American scientists controversially recreate deadly Spanish Flu virus

 

Science Editor

The extinct influenza virus that caused the worst flu pandemic in history has been recreated from fragments of avian flu found in wild ducks in a controversial experiment to show how easy it would be for the deadly flu strain to reemerge today.

Scientists said the study involved infecting laboratory ferrets with close copies of the 1918 virus – which was responsible for the Spanish Flu pandemic that killed an estimated 50 million people – to see how easy it can be transmitted in the best animal model of the human disease.

But other researchers have denounced the research as foolhardy and dangerous. Critics said that any benefits of the attempts to recreate 1918-like flu viruses from existing avian flu strains do not justify the catastrophic risks if such a genetically engineered virus were to escape either deliberately or accidentally from the laboratory and cause a deadly influenza pandemic.

However, Professor Yoshihiro Kawaoka of the University of Wisconsin-Madison dismissed the criticisms of his research saying that it is necessary for the development of influenza vaccines and other countermeasures designed to minimise the risks of a future flu pandemic.

“These critics fail to appreciate the precautions and safeguards built into our work, the regulation, review and oversight these studies receive….The risks of conducting this research are not ignored, but they can be effectively managed and mitigated,” Professor Kawaoka said.

“We know studies like ours advance the field and help those responsible for making decisions about surveillance and pandemic preparedness [to] base decisions on scientific fact, rather than conjecture. Therefore our research provides important benefits that cannot be achieved by other means,” he said in an email to The Independent.

The study, which was carried out in a secure laboratory with the second highest biosafety level, showed that all the necessary ingredients exist in the wild population of bird flu viruses for the emergence of a virus similar to the deadly 1918 flu strain.

“Because avian influenza viruses in nature require only a few changes to adapt to humans and cause a pandemic, it is important to understand the mechanisms involved in adaptation and identify the key mutations so we can be better prepared,” Professor Kawaoka said.

“The point of the study was to assess the risk of avian viruses currently circulating in nature. We found genes in avian influenza viruses quite closely related to the 1918 virus and, to evaluate the pandemic potential should such a 1918-like virus emerge, identified changes that enabled it to transmit in ferrets,” he said.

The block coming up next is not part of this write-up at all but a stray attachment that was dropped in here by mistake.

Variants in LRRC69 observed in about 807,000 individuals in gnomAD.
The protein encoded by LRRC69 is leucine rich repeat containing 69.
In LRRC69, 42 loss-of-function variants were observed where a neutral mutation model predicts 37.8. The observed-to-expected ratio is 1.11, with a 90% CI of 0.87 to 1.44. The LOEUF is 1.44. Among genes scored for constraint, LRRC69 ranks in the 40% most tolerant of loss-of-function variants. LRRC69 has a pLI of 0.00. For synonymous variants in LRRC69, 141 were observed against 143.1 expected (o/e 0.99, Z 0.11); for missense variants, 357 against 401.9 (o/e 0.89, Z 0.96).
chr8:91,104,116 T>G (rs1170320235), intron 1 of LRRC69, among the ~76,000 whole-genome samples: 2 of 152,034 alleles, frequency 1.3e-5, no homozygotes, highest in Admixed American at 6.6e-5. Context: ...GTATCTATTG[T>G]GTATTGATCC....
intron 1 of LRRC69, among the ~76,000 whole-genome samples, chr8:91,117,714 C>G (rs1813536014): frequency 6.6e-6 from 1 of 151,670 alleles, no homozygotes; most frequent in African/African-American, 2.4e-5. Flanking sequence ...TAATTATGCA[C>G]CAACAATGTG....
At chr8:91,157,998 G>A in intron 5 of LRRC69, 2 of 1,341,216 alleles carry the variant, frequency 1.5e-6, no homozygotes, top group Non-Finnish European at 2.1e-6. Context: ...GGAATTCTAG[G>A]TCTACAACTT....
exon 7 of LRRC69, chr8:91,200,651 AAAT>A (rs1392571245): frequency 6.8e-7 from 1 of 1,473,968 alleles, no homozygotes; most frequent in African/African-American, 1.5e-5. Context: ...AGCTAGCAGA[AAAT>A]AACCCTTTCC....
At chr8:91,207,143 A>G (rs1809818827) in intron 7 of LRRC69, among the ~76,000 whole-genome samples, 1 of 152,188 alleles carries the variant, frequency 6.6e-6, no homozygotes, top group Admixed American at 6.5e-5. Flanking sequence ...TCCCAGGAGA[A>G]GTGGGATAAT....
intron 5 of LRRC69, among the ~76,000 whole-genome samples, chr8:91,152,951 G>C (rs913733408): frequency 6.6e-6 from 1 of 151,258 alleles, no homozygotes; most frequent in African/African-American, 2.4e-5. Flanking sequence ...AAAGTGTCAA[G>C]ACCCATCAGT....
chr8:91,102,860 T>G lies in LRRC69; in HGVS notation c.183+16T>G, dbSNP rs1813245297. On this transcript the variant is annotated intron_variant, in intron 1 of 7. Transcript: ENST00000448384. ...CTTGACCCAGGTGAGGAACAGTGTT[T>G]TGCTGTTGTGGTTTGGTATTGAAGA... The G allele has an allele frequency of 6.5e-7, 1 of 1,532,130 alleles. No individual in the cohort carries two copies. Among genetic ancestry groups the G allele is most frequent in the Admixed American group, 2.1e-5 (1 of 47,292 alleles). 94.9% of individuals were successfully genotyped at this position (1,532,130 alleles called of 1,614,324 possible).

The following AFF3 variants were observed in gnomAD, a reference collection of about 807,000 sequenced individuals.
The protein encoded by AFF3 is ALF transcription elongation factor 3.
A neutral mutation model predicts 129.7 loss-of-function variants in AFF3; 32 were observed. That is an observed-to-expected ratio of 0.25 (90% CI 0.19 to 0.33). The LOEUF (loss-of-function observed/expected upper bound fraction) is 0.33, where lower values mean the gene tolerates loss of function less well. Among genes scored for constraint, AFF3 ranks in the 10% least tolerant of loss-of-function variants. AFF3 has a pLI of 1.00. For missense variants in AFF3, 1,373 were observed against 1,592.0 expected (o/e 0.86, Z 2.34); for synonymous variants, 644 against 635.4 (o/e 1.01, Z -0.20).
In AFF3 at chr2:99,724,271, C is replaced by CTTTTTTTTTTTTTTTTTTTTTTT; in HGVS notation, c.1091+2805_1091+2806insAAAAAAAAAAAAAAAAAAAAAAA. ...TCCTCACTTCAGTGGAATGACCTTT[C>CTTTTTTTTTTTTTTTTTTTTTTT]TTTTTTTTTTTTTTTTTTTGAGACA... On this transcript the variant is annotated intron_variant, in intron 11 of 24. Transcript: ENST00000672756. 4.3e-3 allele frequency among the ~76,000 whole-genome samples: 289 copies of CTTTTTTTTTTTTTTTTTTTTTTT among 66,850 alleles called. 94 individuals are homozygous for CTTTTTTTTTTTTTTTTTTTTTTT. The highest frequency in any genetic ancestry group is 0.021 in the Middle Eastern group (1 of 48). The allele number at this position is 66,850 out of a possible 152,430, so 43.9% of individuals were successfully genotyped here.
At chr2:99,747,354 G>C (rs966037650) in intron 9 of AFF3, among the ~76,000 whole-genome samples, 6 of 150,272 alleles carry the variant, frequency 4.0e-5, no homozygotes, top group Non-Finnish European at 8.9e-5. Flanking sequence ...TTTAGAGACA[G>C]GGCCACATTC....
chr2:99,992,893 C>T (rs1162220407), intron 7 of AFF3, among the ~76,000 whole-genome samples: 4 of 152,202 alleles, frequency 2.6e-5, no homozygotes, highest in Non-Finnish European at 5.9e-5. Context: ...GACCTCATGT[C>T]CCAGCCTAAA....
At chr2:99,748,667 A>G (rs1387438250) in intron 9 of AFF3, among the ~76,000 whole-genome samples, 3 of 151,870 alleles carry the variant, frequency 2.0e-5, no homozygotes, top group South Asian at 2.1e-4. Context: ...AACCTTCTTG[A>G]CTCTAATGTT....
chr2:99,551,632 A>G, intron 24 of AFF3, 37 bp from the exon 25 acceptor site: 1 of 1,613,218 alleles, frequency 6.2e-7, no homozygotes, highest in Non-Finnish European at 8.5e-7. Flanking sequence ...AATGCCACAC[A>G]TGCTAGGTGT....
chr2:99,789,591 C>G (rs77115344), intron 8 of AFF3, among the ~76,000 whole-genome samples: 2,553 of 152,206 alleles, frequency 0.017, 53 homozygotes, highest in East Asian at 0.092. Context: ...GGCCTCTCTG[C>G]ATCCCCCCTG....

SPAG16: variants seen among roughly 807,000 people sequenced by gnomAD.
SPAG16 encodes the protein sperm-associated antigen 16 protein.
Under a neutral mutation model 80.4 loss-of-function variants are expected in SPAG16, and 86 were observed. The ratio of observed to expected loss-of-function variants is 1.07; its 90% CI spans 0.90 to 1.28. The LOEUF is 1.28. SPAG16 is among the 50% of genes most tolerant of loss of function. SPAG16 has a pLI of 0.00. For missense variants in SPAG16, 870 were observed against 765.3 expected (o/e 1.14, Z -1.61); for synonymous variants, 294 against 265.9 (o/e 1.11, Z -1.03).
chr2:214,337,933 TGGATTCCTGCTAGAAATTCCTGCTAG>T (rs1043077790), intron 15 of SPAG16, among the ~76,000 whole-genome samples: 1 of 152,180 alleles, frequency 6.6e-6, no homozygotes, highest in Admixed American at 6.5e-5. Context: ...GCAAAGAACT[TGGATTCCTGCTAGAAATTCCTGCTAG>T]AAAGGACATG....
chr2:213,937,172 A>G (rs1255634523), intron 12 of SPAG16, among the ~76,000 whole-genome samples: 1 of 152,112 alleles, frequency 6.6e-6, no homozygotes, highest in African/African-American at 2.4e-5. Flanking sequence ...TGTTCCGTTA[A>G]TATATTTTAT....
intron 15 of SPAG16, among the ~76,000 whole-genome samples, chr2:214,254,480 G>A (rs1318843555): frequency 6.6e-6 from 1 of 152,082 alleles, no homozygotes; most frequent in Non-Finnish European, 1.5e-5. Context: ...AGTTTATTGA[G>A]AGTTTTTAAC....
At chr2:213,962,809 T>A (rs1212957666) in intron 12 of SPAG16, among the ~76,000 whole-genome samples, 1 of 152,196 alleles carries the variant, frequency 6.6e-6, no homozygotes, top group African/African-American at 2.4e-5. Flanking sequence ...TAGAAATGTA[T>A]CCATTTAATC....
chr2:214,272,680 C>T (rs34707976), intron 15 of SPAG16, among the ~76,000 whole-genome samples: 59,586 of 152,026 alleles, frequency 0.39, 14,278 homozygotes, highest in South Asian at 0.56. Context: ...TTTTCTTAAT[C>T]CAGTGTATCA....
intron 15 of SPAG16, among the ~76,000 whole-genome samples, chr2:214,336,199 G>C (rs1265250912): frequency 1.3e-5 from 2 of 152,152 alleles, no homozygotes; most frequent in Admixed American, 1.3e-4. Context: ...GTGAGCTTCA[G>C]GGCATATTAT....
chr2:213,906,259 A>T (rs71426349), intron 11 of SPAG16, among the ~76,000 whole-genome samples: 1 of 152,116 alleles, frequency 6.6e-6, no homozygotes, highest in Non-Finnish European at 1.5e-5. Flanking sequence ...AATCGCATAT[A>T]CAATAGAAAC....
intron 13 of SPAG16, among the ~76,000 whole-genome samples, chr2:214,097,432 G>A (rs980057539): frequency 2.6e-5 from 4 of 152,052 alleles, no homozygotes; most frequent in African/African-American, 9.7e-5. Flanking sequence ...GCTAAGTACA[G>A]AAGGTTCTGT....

The 1918 virus was recreated from eight genes found in avian flu viruses isolated from populations of wild ducks. Using a technique known as “reverse genetics” the scientists rebuilt the entire virus so that it was 97 per cent identical to the 1918 strain, known from viruses recovered from frozen corpses, according to the study published in the journal Cell Host and Microbe.

Women from the Department of War took 15-minute walks to breathe in fresh air to ward off the influenza virus during World War I (Getty) Women from the Department of War took 15-minute walks to breathe in fresh air to ward off the influenza virus during World War I (Getty)
Tests on ferrets showed that the virus was still able to cause flu-like symptoms. When it was further mutated at just seven points, the virus spread easily from one animal to another – indicating that it could cause a pandemic in the human population.

Professor Kawaoka has already come under fire for carrying out previous studies to enhance the transmissibility of the deadly H5N1 strain of avian flu – which is highly lethal to humans but does not pass easily from one person to another – by repeatedly exposing ferrets to the engineered virus.

“Like many of the recent ‘gain-of-function’ studies, this one created a novel virus that is likely both transmissible and virulent in humans,” said Marc Lipsitch, professor of epidemiology at Harvard University.

“This is a risky activity, even in the safest labs. Scientists should not take such risks without strong evidence that the work could save lives, which this [study] does not provide,” Professor Lipsitch said.

Robert Kolter, professor of microbiology at Harvard Medical School, said: “The scientists doing this work are so immersed in their own self-aggrandisement, they have become completely blind to the irresponsibility of their acts. Their arguments in favour of such work, i.e. increase ability for surveillance, remain as weak as ever.”

Simon Wain-Hobson, a virologist at the Pasteur Institute in Paris, said: “The work doesn’t offer us much. The risk of escape is small but non-zero. I do not see such benefits, so on balance we are worse off.”

Start your day with The Independent, sign up for daily news emails
Voices
There will be a chance to bid for a rare example of the SAS Diary, collated by a former member of the regiment in the aftermath of World War II but only published – in a limited run of just 5,000 – in 2011
charity appealTime is running out to secure your favourite lot as our auction closes at 2pm tomorrow
Arts and Entertainment